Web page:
A farmer owed millions to a sly shylock – ‘wakatapila’; who coincidentally had evil designs on the farmer’s devastatingly beautiful teenage daughter.So, the loan shark proposed a ‘solution’; offering to cancel the debt if the farmer’s daughter married him much to the consternation of the farmer and his daughter. Nothing, they agreed, could be more repulsive!
But since the shylock was holding all the aces, he insisted and proposed a bet.
He would put two pebbles, one black and another one white, into an empty money bag from which the girl would pick one.
• If she picked the black pebble, she would marry him and her father’s debt would be forgiven.
• If she picked the white one she wouldn’t marry him, but her father’s debt would nevertheless be forgiven.
• Refusing to pick one would see her dad jailed.
So, the three met on a pebble-strewn path in the village. As they talked, the loan-shark bent over and picked two pebbles. But as he was picking them up, the girl noticed that the old goat had picked two black pebbles and thrown them into the bag.
He then asked the girl to do her part.
Blues’ Orators, what would you have done if you were the girl? I will let you digest this a while.
The situation that this young girl and her farmer father were in is not different from ours where thanks to the profligacy of decadent leadership, we are owe $1.9 (K2.1 trillion) and the Finance Minister, Goodal Gondwe says we shouldn’t “concentrate on the figure but on blah! blah! blah!”
What I find impudent in Goodal’s statement is not that he knows that what he is saying is pure garbage, but that he won’t be around to repay the burden he wants us to overlook.
Again, his irresponsible statement is a U-turn from section 35 subsection one of chapter eight of the 2014 Democratic Progressive Party (DPP) manifesto, “managing the public debt” where the party vowed to restrict borrowing.
It promised to institute strict controls and monitoring of borrowing to ensure that we don’t borrow beyond our capacity to repay, which is what the DPP has driven us to.
Chapter eight of same manifesto promises to increase our productive and export capacity to increase foreign exchange earnings through value addition and diversification and hence alleviate debt-servicing by increased ability to repay the debts.
And this is the crux of the matter.
Because DPP is pumping money into self-enrichment (read: corruption) and consumption via corruption-ridden FISP and Malata subsidies (read: appeasement of cronies); the private sector – strangulated by punitive taxes, unpaid bills and lack of power- is failing to produce enough so that we can export more than we import.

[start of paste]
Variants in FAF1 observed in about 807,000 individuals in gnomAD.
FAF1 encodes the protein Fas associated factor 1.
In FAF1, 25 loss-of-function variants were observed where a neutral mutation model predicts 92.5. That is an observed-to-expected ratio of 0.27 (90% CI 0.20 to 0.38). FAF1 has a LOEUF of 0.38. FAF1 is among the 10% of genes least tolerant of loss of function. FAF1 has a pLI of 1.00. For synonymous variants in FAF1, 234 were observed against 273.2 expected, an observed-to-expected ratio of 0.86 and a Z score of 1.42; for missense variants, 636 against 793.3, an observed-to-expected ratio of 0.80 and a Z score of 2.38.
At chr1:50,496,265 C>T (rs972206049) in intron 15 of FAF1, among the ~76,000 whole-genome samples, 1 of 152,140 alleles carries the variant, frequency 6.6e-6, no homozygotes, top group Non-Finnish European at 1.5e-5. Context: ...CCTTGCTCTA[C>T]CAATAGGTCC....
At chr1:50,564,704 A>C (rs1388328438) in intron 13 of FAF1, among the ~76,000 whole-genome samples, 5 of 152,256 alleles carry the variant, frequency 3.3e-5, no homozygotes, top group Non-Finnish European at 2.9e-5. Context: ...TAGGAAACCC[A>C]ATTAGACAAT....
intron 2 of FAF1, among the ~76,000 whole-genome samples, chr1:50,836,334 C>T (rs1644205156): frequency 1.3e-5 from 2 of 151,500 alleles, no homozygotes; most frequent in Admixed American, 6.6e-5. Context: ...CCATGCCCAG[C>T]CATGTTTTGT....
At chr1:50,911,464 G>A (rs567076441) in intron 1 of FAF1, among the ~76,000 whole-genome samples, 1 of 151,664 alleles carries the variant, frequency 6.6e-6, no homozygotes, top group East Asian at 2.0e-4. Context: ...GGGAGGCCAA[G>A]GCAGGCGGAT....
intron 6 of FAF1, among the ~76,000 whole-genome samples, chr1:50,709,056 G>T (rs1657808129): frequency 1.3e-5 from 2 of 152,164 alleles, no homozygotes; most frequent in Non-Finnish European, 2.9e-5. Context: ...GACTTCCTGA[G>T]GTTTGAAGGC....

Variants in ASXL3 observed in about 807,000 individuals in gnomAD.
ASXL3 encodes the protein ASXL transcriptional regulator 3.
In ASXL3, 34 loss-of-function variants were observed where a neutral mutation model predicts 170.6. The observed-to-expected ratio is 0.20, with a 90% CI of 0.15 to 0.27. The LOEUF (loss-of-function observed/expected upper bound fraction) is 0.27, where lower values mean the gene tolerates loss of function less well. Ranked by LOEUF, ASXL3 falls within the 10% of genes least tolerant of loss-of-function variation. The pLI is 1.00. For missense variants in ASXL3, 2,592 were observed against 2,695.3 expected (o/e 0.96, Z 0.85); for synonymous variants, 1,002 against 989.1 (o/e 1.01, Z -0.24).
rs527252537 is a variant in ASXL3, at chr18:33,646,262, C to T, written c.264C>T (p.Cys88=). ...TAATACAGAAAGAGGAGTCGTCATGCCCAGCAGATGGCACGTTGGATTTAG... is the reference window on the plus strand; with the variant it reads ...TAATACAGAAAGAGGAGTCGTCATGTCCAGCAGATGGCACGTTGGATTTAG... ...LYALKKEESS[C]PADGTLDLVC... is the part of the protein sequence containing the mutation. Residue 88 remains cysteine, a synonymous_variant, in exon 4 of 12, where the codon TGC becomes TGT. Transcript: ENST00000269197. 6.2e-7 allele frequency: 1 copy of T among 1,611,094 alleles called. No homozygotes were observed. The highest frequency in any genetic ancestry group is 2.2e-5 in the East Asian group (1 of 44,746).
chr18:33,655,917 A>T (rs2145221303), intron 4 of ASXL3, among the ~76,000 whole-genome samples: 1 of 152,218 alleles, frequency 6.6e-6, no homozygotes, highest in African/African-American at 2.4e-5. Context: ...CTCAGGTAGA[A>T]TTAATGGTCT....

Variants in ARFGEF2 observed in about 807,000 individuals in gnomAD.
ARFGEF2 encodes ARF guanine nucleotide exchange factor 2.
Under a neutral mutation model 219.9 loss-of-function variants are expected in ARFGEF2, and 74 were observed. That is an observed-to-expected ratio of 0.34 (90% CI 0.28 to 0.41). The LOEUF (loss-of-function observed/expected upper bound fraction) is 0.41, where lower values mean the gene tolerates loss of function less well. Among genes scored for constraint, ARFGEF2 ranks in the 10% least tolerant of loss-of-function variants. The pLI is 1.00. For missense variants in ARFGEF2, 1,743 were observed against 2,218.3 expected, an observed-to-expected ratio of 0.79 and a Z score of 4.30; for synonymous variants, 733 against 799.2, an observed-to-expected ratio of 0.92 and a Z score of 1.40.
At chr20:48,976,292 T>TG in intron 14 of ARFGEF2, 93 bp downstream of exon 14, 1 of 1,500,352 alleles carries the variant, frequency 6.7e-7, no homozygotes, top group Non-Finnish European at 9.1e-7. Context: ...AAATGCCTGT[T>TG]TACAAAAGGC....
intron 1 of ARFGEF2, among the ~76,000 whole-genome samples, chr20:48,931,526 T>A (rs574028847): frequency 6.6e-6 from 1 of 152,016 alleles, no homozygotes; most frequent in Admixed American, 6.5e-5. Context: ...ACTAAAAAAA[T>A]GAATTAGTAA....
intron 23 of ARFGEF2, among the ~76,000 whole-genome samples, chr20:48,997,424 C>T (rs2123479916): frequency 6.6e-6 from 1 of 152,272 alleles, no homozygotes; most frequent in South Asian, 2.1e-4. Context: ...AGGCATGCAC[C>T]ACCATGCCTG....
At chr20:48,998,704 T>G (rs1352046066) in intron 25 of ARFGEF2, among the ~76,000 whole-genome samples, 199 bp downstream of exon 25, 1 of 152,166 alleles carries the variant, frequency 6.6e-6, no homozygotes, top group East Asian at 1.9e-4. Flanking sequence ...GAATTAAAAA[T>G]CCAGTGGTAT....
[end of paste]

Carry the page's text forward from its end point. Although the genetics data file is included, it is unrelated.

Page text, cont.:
Am not done yet.
The same manifesto discourages borrowing for luxuries but encourages borrowing for industrialisation and income-generating activities. How, if I may ask, is President Peter Mutharika’s new Lexus promoting “industrialisation”?
The DPP then lied that it will dialogue with practically everybody and negotiate so that old loans be written off.
Didn’t this happen in 2006/07? Didn’t the HIPC debt relief just encourage the same DPP to conjure cash-gate?
And we all know that with the Anti-Corruption Bureau (ACB) sponsoring graft, no creditor in their right mind can write-off our man-made debt.
Now hear this: according to Gondwe, our problem is that the revenue percentage allocated to loan servicing is too low compared to other countries. He cited Kenya as an example.
“I have just come from Kenya and what is happening there is very interesting. Members of Parliament were saying …that next year something like 40 percent of their revenue will go to servicing the debt. I looked at our figures here, it is 12 percent. So, really quite frankly. We are not doing badly because most of what we borrow in this country is concessionary money. In fact, in most cases we have grants,” he said.
What Gondwe conveniently omitted was that Kenya’s balance of payments is healthier than ours because deliberate policies have boosted exports while we have been busy cash-gating with impunity and incapacitating ESCOM.
To make matters worse, the bulk of our debt is foreign. The US$1.9 billion (approximately K1.31 trillion) means that whenever the US$ appreciates, our debt in Kwacha terms worsens.
Now I revert to the tale I started with. Before anyone gets wise to offer advice, let’s solve our issue first because charity begins at home.
Both us and the girl are being held ransom by sly and gluttonous old folk.
And in both cases, the way out is heeding what Martin Luther King said: a man can’t ride you unless your back is bent.
If the girl bends over, the Katapila gangster will have his way and take her home for ‘dinner’.
I know you are disgusted by this thought, so am I.
But then look at yourself. Ask yourself why you are bending over and allowing the Gondwes and other ‘Unokas’ saddle you with debts you will repay long after they are gone.
In fact, stop worrying about the girl because unlike Malawians, she knew that her fate was in her hands, and was paying attention to the old man antics.
She solved it.
Required to pick one pebble, she inserted her hand into the moneybag, and drew out a pebble. Then without glancing at it, she fumbled and let it fall onto the pebble-strewn path where it immediately blended with others.
“Oh, how clumsy of me!” she sweetly smiled, “But never mind, look into the bag for the one that remains, you will surmise which pebble I picked!”
The shylock was outmanoeuvred because he couldn’t reveal that he had in fact tried to play unfair by picking stones of the same colour.
Thus, the girl was saved and her father freed. Had she been Malawian, tikanamva zothayitha (she would’ve been mincemeat).
Think about this and save yourselves and Malawi from doom.